BEAVERCREEK — Beavercreek City Schools remained steady in its Ohio Department of Education report card scores released Sept. 13, showed progress in the other two areas, and ultimately achieved an overall “B” for the 2017-2018 school year.
Overall letter grades for districts — including Beavercreek’s “B” — is a brand new report card concept. The letter grade combines all the graded areas, each weighted differently: 20 percent achievement, 20 percent progress, 15 percent graduation rate, 15 percent gap closing, 15 percent improving at-risk K-3 readers, and 15 percent preparedness for success.
“The 2017-2018 state report card shows that we are doing some great things in our district that we can be really proud of. Student progress across the district in all categories is outstanding and we are pleased that our students are growing at a pace well above state expectations,” officials said in a statement from the district.
Last year, the district jumped from a 50.9 percent C (2015-2016) to a 53.9 percent B (2016-2017) in the K-3 literacy improvement category, which looks at how successful the school is at improving at-risk K-3 readers. This area really only measures the growth and progress of struggling kids.
But this year, the school has done so well in the improving at risk K-3 readers category that its grade is shown as NR or Not Reported. Per state law, a school that has fewer than five percent of their Kindergartners reading below grade level does not receive a letter grade, according to the ODE. In other words, NR correlates to 95 percent of students or more reading well from the start, or enough students improved from year to year.
Beavercreek also showed progress in the gap closing category. Gap closing shows how well schools are meeting the performance expectations for the “most vulnerable populations of students” in English language arts, math and graduation. It also measures how well schools are teaching English learners to become proficient in English.
The district jumped from a 59.6 percent F (2015-2016) to a 76.3 percent C (2016-2017) to a 100 percent A (2017-2018), steadily making progress in the progress area.
The district’s grades remained steady for all other components.
In the achievement category, based on student performance on state tests, the grade remained a C overall — broken down as an 82.6 percent B in performance index and a 64 percent D in indicators met. While performance index measures the achievement of all students on state tests, indicators met just represents the students who passed.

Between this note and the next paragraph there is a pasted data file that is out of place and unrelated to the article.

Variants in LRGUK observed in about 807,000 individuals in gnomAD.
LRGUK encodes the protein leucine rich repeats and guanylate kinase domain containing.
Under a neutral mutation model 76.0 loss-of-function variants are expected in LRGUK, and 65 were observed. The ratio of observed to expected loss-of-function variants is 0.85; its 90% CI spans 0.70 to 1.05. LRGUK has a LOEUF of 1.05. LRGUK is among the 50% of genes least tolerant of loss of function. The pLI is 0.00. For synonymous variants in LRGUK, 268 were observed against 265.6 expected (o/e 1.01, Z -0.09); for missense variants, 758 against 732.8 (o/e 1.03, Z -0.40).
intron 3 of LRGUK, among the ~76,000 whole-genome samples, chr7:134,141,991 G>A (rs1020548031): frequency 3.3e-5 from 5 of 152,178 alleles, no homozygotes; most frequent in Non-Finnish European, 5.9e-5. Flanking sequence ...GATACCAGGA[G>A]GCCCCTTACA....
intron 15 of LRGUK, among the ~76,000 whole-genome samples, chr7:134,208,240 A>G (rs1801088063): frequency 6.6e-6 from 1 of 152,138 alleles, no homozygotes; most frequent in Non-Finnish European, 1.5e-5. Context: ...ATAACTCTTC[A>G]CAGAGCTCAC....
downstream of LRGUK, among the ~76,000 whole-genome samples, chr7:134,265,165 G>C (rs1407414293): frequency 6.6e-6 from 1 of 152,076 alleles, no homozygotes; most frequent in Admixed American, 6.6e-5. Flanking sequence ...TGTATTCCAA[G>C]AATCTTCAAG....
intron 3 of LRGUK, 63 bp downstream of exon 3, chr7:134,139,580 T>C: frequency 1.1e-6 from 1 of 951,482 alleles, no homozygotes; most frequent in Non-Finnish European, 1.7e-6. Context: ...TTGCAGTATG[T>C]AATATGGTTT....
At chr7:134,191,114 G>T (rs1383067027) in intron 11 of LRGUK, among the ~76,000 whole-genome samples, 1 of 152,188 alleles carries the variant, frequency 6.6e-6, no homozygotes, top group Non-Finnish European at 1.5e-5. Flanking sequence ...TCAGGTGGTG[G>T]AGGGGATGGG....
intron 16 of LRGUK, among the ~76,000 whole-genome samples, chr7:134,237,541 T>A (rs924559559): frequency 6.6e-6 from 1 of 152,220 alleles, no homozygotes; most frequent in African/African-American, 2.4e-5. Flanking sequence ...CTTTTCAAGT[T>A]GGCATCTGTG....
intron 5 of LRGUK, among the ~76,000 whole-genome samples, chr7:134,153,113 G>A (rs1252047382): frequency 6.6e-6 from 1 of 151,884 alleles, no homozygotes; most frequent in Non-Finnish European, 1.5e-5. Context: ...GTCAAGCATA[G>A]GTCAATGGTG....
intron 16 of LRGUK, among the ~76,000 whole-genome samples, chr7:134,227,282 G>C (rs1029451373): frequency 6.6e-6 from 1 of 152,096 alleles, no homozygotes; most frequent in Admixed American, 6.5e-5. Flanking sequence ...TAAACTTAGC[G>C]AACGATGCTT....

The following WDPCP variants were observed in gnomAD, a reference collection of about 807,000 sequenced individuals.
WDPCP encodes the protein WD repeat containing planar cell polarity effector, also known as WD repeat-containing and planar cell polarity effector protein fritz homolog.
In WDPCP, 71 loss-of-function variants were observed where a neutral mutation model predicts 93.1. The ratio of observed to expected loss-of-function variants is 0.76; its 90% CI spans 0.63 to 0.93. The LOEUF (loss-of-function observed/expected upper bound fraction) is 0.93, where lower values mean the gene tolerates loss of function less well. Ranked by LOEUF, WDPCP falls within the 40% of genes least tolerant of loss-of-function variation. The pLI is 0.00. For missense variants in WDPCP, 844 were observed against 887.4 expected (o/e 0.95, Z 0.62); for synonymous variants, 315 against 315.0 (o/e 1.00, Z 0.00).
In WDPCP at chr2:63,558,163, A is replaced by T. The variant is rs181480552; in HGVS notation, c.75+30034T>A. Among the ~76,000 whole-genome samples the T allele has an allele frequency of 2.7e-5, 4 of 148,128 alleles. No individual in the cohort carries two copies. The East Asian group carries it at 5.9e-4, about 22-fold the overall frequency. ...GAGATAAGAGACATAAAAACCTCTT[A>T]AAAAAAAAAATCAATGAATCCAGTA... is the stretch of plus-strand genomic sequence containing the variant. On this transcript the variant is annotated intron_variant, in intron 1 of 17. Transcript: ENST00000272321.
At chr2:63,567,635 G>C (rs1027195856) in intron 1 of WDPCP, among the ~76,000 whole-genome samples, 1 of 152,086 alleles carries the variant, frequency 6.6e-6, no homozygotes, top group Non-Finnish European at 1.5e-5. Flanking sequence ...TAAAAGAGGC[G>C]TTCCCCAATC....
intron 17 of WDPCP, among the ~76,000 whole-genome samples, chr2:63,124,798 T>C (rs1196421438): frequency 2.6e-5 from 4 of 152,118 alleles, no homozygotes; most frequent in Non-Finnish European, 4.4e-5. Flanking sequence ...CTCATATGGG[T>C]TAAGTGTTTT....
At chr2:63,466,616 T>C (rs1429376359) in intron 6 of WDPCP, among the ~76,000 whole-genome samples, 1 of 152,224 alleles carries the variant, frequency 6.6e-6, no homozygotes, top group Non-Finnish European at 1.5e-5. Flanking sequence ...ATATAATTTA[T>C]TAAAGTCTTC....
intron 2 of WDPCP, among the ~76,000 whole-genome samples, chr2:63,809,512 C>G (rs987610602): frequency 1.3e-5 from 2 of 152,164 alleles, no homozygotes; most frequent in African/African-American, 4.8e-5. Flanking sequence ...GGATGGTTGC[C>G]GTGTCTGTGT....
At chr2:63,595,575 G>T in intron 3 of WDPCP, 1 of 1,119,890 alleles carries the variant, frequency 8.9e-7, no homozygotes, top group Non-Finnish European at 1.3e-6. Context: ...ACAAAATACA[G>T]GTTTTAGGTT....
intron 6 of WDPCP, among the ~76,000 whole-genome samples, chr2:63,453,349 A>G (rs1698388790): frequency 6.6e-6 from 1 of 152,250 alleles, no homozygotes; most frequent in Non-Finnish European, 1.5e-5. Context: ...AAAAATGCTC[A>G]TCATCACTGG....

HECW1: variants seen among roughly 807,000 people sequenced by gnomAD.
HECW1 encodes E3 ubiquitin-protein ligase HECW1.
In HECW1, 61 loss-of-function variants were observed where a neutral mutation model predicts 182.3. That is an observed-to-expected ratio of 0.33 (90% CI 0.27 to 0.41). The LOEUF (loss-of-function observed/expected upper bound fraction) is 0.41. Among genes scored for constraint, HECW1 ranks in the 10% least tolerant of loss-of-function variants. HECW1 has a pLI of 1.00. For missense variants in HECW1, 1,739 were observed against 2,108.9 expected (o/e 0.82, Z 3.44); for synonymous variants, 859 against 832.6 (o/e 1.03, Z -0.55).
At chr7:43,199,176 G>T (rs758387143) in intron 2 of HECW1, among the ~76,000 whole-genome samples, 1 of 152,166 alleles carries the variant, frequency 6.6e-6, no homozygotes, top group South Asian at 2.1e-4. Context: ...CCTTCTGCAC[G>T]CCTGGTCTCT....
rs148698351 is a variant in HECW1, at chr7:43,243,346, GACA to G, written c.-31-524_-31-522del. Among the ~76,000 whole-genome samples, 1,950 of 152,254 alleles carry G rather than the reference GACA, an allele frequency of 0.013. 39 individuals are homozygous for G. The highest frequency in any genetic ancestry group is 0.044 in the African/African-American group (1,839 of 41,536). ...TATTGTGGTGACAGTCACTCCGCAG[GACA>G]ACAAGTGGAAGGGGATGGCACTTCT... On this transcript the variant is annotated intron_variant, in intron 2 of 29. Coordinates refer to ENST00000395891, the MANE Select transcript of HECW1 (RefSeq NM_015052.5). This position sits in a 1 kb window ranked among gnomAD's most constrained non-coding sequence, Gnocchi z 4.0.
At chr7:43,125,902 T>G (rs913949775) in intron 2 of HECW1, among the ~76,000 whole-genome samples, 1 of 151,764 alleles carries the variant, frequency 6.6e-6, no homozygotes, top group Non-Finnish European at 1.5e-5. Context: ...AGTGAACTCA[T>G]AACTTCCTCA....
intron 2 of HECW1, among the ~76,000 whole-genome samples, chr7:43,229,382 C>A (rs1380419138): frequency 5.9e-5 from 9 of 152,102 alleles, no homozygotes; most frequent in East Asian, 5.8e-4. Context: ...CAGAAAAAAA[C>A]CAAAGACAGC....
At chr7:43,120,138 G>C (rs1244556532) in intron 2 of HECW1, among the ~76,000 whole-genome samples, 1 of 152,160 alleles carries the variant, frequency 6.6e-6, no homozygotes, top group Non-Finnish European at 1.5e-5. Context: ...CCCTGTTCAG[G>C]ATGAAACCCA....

Last year’s achievement score was also an overall C. Performance index went down only .1 percent and indicators met went up 5.7 percent.
Progress remained an A overall — A for gifted students, A for students in the lowest 20 percent in achievement, and B for students with disabilities, scoring the same in each as last year.
The schools also received a steady, high A in graduation rate. The score shows 96.7 percent of students graduating in 4 years and 97.6 percent of students graduating in 5 years. This compares to last year’s 96.1 percent and 97.6 percent ratings.
Some aspects of the report card allow schools to compare their information to other peer groups.
“Comparisons with our peer group, as defined by the state, shows that Beavercreek compares favorably in many categories,” the statement said. “While we are really only concerned with our own performance and growth, analyzing results from our peer group allows us to determine potential partners for collaboration and information sharing that ultimately improves the success for all students.
BCSD’s graduation rates were higher than similar districts and the state average.
Another component measures how well students are prepared for the future — whether entering a technical field, work, or college. In preparedness for success, the district earned a C again, a slight .4 percent higher than last year.
Despite the improvement, administration said there’s always room for even more growth next year.
“There is always room for improvement and we strive every day to prepare students in a way that challenges them, meets the state standards, and prepares them for future success,” officials said. “Teachers and administrators dissect report card data and work to identify areas of strength and opportunities for improvement.”
To see the complete report card, visit https://bit.ly/2CU4Awr.